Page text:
Trump’s campaign banks on its loyal supporters to turn out and caucus in Iowa despite frigid weather

 Two days before Iowa's Republican caucuses, Donald Trump's team canceled in-person events due of his Florida stay. As snow blew in cold gusts outside, volunteers at his campaign's Iowa headquarters in a drab brick building northwest of Des Moines were working the phones to get out the vote for Monday's contest.

“He has sacrificed so much for our country and I need to do my part to support his efforts to save America because America is dying,” said Melissa Davis, 56, a Windsor Heights small-business owner who has spent months phone-banking, knocking on doors, and encouraging voters in her district to vote for Trump. Davis, who will captain the Trump caucus on Martin Luther King Jr. Day, feels the connection.

I couldn’t love him any more,” she added. “He’s like family.” She said her father died in 2012, “so I think he’s kind of taken the role in my life as a father figure.”

People like Davis are giving Trump's team hope that his supporters will show out, even as Iowa prepares for the coldest caucus night in history, with temperatures expected to drop below minus 10 degrees Fahrenheit.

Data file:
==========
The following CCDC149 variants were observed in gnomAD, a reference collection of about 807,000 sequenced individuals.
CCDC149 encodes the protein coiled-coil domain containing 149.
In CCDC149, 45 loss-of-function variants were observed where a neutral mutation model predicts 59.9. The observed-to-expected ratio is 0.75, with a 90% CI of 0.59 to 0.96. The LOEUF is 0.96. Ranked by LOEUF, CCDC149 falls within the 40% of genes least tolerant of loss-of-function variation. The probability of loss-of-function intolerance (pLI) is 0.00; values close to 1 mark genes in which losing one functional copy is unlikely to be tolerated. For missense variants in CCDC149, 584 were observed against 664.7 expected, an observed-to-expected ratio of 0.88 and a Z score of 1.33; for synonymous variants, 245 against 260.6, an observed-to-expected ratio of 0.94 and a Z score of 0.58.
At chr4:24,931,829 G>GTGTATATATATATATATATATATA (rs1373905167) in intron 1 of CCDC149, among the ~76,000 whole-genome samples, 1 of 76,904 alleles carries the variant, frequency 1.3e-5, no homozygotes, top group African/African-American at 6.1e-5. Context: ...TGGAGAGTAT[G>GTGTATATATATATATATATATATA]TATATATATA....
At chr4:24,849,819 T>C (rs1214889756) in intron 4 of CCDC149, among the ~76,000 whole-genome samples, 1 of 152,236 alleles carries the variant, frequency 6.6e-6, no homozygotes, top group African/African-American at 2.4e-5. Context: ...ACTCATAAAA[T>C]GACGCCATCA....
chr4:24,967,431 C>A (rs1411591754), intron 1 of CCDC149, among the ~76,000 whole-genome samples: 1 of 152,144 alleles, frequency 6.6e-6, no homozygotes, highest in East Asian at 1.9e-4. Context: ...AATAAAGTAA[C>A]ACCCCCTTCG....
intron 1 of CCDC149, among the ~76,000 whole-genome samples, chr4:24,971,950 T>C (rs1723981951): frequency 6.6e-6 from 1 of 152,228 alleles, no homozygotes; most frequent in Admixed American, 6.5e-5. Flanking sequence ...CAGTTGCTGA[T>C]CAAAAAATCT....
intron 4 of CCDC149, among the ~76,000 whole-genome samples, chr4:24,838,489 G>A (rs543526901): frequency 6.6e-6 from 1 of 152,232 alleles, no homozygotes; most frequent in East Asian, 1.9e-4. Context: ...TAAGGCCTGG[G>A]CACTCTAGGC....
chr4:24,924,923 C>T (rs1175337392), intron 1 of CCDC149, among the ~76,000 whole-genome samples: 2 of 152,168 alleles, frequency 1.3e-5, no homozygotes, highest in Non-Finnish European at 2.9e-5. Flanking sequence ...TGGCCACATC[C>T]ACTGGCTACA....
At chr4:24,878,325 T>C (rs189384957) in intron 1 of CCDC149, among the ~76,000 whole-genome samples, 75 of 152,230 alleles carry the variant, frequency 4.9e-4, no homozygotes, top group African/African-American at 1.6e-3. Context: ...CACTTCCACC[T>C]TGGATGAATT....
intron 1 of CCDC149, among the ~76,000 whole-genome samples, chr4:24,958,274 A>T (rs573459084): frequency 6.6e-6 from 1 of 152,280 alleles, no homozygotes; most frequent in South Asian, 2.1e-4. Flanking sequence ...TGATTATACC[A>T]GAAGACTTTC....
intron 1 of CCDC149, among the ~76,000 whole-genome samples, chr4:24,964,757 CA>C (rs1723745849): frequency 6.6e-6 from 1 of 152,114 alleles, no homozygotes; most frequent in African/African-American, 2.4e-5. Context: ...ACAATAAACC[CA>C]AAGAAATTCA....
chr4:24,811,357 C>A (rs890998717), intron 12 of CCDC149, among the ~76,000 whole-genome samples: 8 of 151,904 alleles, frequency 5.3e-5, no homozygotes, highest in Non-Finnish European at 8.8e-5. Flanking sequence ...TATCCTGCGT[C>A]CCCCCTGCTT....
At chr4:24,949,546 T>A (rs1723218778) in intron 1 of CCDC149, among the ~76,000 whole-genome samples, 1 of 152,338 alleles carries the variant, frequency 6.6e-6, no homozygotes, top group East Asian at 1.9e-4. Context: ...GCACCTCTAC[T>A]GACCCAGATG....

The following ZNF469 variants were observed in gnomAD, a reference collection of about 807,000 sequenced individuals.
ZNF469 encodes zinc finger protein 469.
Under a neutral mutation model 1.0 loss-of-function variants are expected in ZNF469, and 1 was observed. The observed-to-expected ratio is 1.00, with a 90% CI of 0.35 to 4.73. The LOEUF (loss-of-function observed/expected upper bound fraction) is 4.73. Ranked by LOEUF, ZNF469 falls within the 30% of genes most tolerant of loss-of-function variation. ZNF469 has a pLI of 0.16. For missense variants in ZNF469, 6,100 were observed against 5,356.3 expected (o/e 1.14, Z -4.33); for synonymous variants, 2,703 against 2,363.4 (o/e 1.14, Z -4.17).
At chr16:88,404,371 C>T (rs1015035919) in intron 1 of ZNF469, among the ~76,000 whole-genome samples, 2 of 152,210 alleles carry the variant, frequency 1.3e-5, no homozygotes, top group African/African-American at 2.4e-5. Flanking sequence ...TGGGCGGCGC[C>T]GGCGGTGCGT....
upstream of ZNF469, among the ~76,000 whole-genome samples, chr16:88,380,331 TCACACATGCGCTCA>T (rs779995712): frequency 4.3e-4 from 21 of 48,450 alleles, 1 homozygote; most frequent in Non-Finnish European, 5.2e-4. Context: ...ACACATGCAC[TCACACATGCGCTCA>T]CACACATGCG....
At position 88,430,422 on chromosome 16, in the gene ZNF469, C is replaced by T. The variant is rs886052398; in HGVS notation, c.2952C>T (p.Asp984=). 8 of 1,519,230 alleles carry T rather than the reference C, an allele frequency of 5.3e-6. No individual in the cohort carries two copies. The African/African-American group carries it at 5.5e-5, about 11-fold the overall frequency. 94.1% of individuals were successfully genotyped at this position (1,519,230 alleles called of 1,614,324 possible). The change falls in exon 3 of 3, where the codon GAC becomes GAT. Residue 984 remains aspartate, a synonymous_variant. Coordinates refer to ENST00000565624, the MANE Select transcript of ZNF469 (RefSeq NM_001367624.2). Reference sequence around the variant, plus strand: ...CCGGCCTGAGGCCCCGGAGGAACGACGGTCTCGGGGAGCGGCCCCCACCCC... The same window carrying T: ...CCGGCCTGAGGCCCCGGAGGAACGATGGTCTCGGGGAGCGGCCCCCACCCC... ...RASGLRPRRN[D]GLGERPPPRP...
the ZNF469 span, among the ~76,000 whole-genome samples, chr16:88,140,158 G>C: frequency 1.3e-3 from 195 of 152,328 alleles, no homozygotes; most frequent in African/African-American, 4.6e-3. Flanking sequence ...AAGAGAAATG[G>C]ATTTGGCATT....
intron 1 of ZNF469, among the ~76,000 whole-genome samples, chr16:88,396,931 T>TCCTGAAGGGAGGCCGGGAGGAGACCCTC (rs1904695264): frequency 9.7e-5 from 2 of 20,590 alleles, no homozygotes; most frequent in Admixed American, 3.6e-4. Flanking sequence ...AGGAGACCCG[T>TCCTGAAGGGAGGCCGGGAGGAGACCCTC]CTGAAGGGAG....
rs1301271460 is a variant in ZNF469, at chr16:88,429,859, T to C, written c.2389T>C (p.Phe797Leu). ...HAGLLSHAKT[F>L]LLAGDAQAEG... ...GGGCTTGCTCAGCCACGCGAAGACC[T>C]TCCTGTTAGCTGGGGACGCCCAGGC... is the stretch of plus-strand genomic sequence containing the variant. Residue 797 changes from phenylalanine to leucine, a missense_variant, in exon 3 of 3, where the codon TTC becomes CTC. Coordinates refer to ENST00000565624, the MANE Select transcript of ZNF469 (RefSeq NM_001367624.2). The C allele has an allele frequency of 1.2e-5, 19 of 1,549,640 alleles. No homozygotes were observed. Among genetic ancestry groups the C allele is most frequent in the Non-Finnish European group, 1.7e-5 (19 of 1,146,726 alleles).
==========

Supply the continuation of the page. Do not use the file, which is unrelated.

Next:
While much of the attention has been on the race for second and whether former U.N. Ambassador Nikki Haley will finish ahead of Florida Gov. Ron DeSantis, Trump's campaign hopes for a blowout to counter his rivals' momentum and secure the nomination and pivot to the general election.

Trump campaign senior advisor Jason Miller told reporters at a Bloomberg News event that “the enthusiasm level for the (former) president's supporters is so much higher”. He and other advisers refer to the numerous people who wait hours and often overnight for Trump rallies. The campaign expects these people to attend the caucuses, even if they haven't.

DeSantis and Haley have been organizing to use Iowa as a launch for the remainder of the campaign. Never Back Down, a pro-DeSantis super PAC, claims it had gathered 40,000 commitment-to-caucus cards, signed up 1,699 precinct captains, and knocked on over 921,000 doors in Iowa.

Drew Klein, AFP Action senior adviser, was one. He drove a black GMC Sierra truck through snowbanks as high as mailboxes to find Haley supporters. Klein said face-to-face communication is “vitally important,” despite his little success that outing. He discovered one lady choosing between DeSantis and Haley, numerous undecided voters, and a male who said, “I’m a Trump guy. Go Trump!

Trump has dominated Iowa surveys for two months. The penultimate Des Moines Register/NBC News survey before the caucuses revealed over half of prospective caucusgoers supporting him, compared to 20% for Haley and 16% for DeSantis.

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